Although Frank’s first armed robbery had been successful, he was concerned that if word got out about the coat rack he’d never live it down. He swore Crazy Bob to secrecy. Frank continued to shun wearing his glasses on scores, but from then on he didn’t go inside on tavern robberies unless he was sure there would be adequate lighting.  

Turning Point

October 23, 2007

cullotta-cover-web.jpgAfter dropping out of school, Frank’s life took a turn toward more serious crime.

Excerpted from CULLOTTA – The Life of a Chicago Criminal, Las Vegas Mobster, and Government Witness 

Josephine Cullotta cashed in some savings bonds her husband had left in Frank’s name and bought him a used car, an Oldsmobile 98. To Frank it was big and beautiful. He loved it and washed it all the time.

One day while he was giving the car a bath an old neighborhood acquaintance stopped by. The man’s name was Bob Sprodak, also known as “Crazy Bob.” Sprodak was a year or two older than Frank, and it was common knowledge on the street that he always carried a gun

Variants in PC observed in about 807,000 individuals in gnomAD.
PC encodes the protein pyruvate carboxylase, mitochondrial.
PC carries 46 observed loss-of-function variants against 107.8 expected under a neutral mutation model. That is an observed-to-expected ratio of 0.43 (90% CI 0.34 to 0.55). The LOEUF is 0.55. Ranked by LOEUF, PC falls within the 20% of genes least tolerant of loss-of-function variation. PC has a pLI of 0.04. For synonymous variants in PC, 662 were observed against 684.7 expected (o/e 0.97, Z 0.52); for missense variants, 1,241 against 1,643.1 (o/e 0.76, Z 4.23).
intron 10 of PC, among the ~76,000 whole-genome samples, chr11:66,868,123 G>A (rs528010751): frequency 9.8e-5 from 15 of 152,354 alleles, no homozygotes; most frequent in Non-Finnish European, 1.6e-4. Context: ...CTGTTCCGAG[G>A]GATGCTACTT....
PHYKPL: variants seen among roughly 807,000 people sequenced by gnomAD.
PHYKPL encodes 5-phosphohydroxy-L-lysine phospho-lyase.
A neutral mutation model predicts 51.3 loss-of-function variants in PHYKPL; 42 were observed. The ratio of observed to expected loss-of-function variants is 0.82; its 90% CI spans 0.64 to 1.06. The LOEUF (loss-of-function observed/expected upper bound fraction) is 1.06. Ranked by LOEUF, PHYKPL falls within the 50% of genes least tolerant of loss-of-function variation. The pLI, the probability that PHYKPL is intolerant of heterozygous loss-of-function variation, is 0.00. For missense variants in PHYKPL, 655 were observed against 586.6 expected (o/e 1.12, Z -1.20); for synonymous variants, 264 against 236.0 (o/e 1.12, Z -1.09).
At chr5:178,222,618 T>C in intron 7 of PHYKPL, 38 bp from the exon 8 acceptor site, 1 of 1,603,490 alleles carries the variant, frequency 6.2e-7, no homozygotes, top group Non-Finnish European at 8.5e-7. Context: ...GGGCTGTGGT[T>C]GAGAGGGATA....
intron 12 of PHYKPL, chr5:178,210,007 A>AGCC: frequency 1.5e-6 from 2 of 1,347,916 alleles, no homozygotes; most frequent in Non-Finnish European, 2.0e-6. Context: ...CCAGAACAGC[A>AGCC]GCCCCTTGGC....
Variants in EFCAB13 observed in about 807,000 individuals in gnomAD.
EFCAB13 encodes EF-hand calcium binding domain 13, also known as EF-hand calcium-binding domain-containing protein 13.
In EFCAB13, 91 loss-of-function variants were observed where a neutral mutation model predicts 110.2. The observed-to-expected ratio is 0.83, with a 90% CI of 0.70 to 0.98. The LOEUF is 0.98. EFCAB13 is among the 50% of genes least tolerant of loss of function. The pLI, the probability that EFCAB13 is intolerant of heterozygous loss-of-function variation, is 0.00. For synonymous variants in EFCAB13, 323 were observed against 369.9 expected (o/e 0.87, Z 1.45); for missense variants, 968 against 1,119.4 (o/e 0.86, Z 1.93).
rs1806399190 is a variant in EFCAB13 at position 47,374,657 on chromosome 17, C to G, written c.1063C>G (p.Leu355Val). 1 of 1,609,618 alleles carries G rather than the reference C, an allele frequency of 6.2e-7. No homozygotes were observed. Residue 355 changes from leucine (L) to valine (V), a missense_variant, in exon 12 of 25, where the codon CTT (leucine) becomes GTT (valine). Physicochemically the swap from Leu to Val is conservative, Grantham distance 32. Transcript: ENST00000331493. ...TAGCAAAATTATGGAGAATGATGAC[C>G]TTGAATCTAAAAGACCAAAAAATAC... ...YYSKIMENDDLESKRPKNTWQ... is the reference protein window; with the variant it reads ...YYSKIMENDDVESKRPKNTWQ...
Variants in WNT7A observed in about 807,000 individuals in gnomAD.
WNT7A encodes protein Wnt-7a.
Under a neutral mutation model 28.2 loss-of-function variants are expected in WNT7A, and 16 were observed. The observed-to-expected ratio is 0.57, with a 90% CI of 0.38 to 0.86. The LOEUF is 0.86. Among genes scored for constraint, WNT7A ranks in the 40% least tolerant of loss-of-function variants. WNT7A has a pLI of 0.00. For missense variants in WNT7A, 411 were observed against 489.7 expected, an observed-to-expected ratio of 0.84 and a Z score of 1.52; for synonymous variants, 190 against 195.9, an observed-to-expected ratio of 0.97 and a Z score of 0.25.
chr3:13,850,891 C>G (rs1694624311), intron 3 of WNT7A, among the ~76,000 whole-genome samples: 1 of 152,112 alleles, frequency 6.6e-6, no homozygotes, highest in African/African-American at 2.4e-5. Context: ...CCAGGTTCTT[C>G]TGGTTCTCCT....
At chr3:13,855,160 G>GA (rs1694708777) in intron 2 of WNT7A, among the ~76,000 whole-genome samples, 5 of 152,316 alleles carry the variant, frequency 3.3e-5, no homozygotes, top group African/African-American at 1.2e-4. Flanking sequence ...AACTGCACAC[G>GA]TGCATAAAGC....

“Nice lookin’ car you got there,” Crazy Bob said. “I’ve got a car parked down the street, but mine’s hot. You workin’ anywhere?”

“My uncle’s getting me a job at a newspaper stand downtown. I’ll be starting any day now.”

Then Sprodak did something that would change Frank’s life forever: he reached into his pocket and pulled out a big wad of money.

Frank was impressed and curious. “Where did you get that?”

“Sticking up places; I do armed robberies. I hold up taverns, restaurants, and gas stations. There’s a lot of money in it and it’s real easy,” Crazy Bob said.

Frank had more questions. “Do you work by yourself?”

“Usually, but you’re welcome to come with me sometime if you want. There are times when it’s better to have another guy along.”

“I don’t know…that sounds pretty dangerous,” Frank said. “What do you do if somebody fights back?”

“Then you shoot him.”

Frank wasn’t completely sold on the idea. “Okay, I’ll think about it,” he said.

The next day Frank’s uncle took him to the newspaper stand to start work. It was then that he learned there was a little more to the job than selling newspapers.